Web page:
Weeks after Iran’s supreme leader, Ayatollah Ali Khamenei, called Israel a “cancer tumor” in the latest rhetorical salvo of hatred from the leaders of the Islamic Republic, Asghar Farhadi presented a decidedly different portrait of their country. Accepting the Academy Award for best foreign film in a gilded Hollywood theater, he spoke of peace and tolerance, reminding tens of millions of viewers worldwide that “at the time when talk of war, intimidation, and aggression is exchanged between politicians, the name of their country, Iran, is spoken here through her glorious culture, a rich and ancient culture that has been hidden under the heavy dust of politics.”
Farhadi’s carefully chosen words avoided outright criticism of the Iranian regime. (And for good reason: Fellow Iranian director Jafar Panahi was sentenced to six years in prison and banned from filmmaking for 20 years after speaking out in support of Iran’s 2009 opposition protests.) Yet, precisely by sidestepping the overtly political — by depicting “the way that millions of normal people live in Iran today,” as the lead actor put it — Farhadi’s Oscar-winning film, A Separation, reminded us how art can transcend nationalism. The story of a Tehran couple’s split — which arises from a clash over how to raise their daughter but blows up after a violent incident, setting off a complex legal imbroglio — had decidedly Iranian trappings, broaching questions about Islam and the treatment of women. At its core, though, the film’s appeal proved universal. In a year when Iran and Israel seemed to grow more aggressive by the day, Farhadi elegantly articulated the basic shared humanity of peoples across borders, even on the brink of war.
The reports from Mexico are all too familiar: another journalist who has been killed, the latest victim of that country’s protracted drug war. The means are as grisly as they are varied, but the reason is nearly always the same — a willingness to report on cartel violence and corruption in the Mexican government. As a result, self-censorship has become rampant among journalists across Mexico, but Adela Navarro Bello is a striking exception. The editor of the Tijuana weekly Zeta, Navarro leads one of the few remaining publications that prides itself on investigative work into the drug war and the associated miasma of corruption and incompetence. For Navarro and her staff, the stakes could hardly be higher. In 1988, the magazine’s co-founder, Héctor Félix Miranda, was shot and killed, and in 2004, co-editor Francisco Ortiz Franco was murdered. Since 2006, when President Felipe Calderón came to office and unleashed the official campaign against the country’s cartels, at least 40 Mexican journalists have been murdered or disappeared in a conflict that has killed at least 50,000 — more than the number of American combat deaths in the Vietnam War. Navarro’s magazine practices a kind of journalism both essential and extremely dangerous — she’s following the money. “They say Chapo Guzmán [Mexico’s most powerful cartel boss] is worth a billion dollars,” she said in a recent interview. “Where is that money? Where are their investments?” In Navarro, who travels with two bodyguards, Mexicans have found a rare reporter brave enough to keep asking the right questions.Reading list: The Invention of Solitude, by Paul Auster; To Each His Own, by Leonardo Sciascia; Confessions of a Young Novelist, by Umberto Eco. Best idea: Rich people paying more taxes. Worst idea: Restricting Internet content.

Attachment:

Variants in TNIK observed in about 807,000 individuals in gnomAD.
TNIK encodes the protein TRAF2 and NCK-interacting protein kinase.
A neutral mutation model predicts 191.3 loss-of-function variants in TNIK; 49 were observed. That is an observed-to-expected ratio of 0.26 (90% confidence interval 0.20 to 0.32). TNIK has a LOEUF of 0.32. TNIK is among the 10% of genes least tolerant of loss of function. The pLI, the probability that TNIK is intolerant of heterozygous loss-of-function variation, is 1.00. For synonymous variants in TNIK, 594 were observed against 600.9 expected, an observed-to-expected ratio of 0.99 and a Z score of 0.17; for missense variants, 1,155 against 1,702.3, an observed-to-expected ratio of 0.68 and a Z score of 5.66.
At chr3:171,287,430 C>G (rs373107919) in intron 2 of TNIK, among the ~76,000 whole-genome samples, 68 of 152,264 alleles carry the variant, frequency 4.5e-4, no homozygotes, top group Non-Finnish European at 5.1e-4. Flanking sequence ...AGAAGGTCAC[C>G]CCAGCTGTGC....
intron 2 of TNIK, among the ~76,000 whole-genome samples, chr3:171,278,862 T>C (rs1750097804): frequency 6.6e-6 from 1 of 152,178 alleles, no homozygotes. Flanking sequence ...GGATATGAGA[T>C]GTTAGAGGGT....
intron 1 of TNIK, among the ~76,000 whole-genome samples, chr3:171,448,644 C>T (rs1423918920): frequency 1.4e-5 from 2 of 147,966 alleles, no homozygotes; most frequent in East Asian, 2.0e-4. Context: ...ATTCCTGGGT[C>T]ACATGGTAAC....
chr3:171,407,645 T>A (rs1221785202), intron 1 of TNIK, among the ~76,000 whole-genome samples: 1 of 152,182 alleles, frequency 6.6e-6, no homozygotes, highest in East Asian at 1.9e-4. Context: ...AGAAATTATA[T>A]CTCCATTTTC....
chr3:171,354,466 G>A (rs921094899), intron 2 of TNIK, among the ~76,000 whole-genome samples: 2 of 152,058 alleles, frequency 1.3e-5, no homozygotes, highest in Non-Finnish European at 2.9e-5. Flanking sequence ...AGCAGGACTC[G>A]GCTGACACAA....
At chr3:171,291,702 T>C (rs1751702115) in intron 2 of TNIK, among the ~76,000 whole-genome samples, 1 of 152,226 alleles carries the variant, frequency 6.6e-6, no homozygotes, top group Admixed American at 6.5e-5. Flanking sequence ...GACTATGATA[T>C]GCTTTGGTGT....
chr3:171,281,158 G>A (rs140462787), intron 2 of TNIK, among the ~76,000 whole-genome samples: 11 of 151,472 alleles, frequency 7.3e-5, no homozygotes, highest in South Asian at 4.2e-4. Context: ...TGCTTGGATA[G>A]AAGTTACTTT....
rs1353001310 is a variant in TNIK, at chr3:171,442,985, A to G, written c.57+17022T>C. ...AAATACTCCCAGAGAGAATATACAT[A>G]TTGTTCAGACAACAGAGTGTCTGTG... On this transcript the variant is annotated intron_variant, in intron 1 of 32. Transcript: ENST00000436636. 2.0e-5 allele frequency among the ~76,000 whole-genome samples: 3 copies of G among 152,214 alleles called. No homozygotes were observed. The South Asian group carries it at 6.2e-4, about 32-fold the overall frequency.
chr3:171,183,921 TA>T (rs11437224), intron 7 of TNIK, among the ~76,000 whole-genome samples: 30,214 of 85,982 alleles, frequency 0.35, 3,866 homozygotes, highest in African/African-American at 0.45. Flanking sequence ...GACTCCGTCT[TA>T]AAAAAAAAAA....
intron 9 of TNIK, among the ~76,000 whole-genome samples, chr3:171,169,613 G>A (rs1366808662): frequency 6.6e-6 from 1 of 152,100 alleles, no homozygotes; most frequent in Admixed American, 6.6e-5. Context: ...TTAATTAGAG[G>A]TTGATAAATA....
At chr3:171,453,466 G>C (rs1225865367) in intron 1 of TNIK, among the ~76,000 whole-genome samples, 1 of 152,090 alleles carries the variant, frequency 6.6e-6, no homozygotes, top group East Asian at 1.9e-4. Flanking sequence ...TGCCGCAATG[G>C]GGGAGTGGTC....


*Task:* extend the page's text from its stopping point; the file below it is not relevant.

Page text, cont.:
Like Haiti, Somalia, and Mississippi, India’s Bihar state has been called many unflattering names; it’s often referred to as the country’s “bleakest state” and the “jungle Raj” for its colonial levels of poverty and corruption. Many viewed it as one of the most dysfunctional corners of a country world famous for government dysfunction. Much of that began to change, however, when a low-key bureaucrat from a local center-left party, Nitish Kumar, won the 2005 election and set out to clean up a wasteland where 100 million people are squeezed into a territory smaller than Arkansas.